What is situational depression?
Katy Perry has recently spoken about dealing with situational depression. Are you familiar with this type of mental health condition, how it’s different to clinical depression and what causes it?
As it becomes more common for celebrities to share how they manage their mental health with their fans, whether that be online or through interviews, conditions like anxiety or depression are thankfully becoming increasingly normalised.
From Destiny’s Child’s Michelle Williams declaring she’s proud to seek mental health help on Instagram to Stylist cover star Nadiya Hussain, revealing the reality of living with debilitating panic attacks in her interview with us – these conversations are slowly helping our society break down taboos that surround these conditions.
Although you’ve probably heard of the terms depression or clinical depression before, it might be a condition that you typically associate with someone who could suffer from a chemical imbalance, or feel lethargic or hopeless without understanding the reasons why.
But Katy Perry has recently shone a light on a different type of the illness, speaking about her experiences with situational depression.
Katy Perry performing her Witness tour
In an interview with Vogue Australia, Perry explained the emotional aftermath she felt following the release of her latest album Witness, which didn’t perform as well as her previous work.
“I have had bouts of situational depression and my heart was broken last year because, unknowingly, I put so much validity in the reaction of the public, and the public didn’t react in the way I had expected to … which broke my heart,” Perry says.
What is situational depression?
Unlike depression, which causes a person to experience low moods that last for a long time sometimes without a clear reason, situational depression occurs after a stressful or traumatic experience or event and is short-term. For this reason, situational depression is also known as short-term depression.
What are the symptoms of short term depression?
According to Healthline the symptoms of situational depression will present differently in everyone. But some of the main symptoms fall under the following:
- lack of enjoyment in normal activities
- regular crying
- constant worrying or feeling anxious or stressed out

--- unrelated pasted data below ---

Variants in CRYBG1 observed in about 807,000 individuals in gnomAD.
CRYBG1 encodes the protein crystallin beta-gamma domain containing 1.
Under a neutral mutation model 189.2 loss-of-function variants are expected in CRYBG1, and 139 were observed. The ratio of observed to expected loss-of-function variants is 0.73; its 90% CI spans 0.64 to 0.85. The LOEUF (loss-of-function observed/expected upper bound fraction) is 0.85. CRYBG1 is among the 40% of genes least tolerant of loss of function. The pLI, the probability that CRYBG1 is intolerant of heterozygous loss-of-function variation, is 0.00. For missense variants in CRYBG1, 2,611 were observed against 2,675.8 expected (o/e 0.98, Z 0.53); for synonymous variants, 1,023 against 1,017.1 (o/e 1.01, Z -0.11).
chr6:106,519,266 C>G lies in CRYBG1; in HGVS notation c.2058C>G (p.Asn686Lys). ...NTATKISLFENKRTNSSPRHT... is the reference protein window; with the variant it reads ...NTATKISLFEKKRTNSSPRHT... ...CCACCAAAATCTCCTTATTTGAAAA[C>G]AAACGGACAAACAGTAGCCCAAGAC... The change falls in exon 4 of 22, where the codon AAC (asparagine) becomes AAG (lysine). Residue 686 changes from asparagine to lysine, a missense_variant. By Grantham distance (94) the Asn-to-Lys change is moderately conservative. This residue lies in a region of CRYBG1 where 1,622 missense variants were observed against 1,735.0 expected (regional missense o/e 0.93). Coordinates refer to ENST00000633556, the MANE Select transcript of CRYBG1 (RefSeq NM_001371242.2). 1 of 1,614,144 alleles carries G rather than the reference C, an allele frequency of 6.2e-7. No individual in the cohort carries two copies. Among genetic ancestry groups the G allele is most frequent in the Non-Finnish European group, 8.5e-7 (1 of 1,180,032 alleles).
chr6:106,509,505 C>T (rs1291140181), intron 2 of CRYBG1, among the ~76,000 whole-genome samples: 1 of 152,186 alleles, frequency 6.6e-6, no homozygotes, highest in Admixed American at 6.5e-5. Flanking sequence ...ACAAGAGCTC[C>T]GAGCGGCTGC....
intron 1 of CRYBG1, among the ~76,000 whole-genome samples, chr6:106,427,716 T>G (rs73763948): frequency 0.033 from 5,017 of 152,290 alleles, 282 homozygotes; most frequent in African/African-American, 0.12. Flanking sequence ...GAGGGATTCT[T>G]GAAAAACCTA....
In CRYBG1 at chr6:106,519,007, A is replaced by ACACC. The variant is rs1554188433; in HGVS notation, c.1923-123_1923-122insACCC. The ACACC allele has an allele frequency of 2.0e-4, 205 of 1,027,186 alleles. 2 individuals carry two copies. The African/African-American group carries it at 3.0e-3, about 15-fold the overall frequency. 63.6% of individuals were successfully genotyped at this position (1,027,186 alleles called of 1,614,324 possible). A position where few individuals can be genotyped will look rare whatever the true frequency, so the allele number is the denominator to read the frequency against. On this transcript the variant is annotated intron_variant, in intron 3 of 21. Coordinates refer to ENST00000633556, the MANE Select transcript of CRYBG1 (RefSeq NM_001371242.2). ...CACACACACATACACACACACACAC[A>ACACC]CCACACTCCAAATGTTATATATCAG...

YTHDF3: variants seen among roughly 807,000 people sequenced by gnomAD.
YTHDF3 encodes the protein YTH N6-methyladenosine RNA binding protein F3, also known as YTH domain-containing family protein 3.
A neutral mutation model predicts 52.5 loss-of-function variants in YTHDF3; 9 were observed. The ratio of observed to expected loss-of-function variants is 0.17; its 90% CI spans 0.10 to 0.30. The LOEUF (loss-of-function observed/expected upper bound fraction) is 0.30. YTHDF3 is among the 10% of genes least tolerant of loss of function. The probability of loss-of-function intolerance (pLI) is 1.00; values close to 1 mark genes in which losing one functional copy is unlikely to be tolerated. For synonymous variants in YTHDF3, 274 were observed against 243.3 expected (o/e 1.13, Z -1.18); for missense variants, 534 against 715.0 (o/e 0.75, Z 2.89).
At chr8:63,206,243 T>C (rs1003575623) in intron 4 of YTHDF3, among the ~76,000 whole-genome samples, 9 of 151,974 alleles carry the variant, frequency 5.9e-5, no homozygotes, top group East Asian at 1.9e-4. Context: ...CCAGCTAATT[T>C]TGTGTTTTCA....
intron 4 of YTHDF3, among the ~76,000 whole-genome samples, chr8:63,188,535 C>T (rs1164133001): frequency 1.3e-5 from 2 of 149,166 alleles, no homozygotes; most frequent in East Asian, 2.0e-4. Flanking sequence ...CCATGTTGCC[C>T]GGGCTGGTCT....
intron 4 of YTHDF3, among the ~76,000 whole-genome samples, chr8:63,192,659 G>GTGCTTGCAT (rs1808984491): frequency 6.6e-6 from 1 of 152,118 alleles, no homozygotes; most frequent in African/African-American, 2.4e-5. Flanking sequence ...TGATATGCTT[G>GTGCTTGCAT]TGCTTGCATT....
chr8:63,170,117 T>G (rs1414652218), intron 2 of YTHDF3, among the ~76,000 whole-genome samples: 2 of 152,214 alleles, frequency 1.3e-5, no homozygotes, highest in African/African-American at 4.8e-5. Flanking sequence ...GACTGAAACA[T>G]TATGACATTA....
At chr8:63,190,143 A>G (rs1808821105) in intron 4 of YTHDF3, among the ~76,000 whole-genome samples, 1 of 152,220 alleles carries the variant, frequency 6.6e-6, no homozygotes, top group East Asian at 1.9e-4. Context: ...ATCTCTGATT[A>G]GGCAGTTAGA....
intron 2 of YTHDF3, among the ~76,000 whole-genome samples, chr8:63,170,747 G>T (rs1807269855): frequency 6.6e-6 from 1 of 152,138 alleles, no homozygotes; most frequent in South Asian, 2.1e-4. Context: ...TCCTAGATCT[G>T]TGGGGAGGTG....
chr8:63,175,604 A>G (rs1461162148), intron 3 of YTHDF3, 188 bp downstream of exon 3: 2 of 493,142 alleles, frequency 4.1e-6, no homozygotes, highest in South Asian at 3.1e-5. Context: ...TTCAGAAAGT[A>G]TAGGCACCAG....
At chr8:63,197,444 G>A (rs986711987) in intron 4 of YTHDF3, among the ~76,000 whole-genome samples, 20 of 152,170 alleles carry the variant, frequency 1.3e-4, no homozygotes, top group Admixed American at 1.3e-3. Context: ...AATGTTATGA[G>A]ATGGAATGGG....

- sleeping difficulties
- disinterest in food
- trouble focusing
- trouble carrying out daily activities
- feeling overwhelmed
- avoiding social situations and interaction
- not taking care of important matters like paying your bills or going to work
- thoughts or attempts at suicide
What causes situational depression?
The cause of situational depression is different for everyone, as it directly links to what’s going on in that person’s life at the time.
Some of the most common triggers that could lead someone to experiencing a low mood are thought to be:
- problems in your relationship
- A change in your routine like moving house or job
- Money worries
- The death of a loved one
- Suffering an illness, accident or near death experience
How is situational depression treated?
Depression caused by trauma, in this case known as situational depression, sits underneath the main umbrella of depression and therefore is usually treated with the same methods. The main types of treatment for depression are talking therapies or taking medication.
Examples of talking therapies are:
- cognitive behavioural therapy
- group-based talks
- interpersonal therapy
- behavioural activation
- psychodynamic psychotherapy
Those seeking medical help for depression may be offered antidepressants, or encouraged to take part in self help methods such as physical activity programmes or trying problem solving techniques.
If you think you might be suffering from any kind of mental health illness it’s important to speak to your GP as soon as possible. If you’re waiting for help from the NHS you could try these self-help tips, or look at Mind’s website for further support.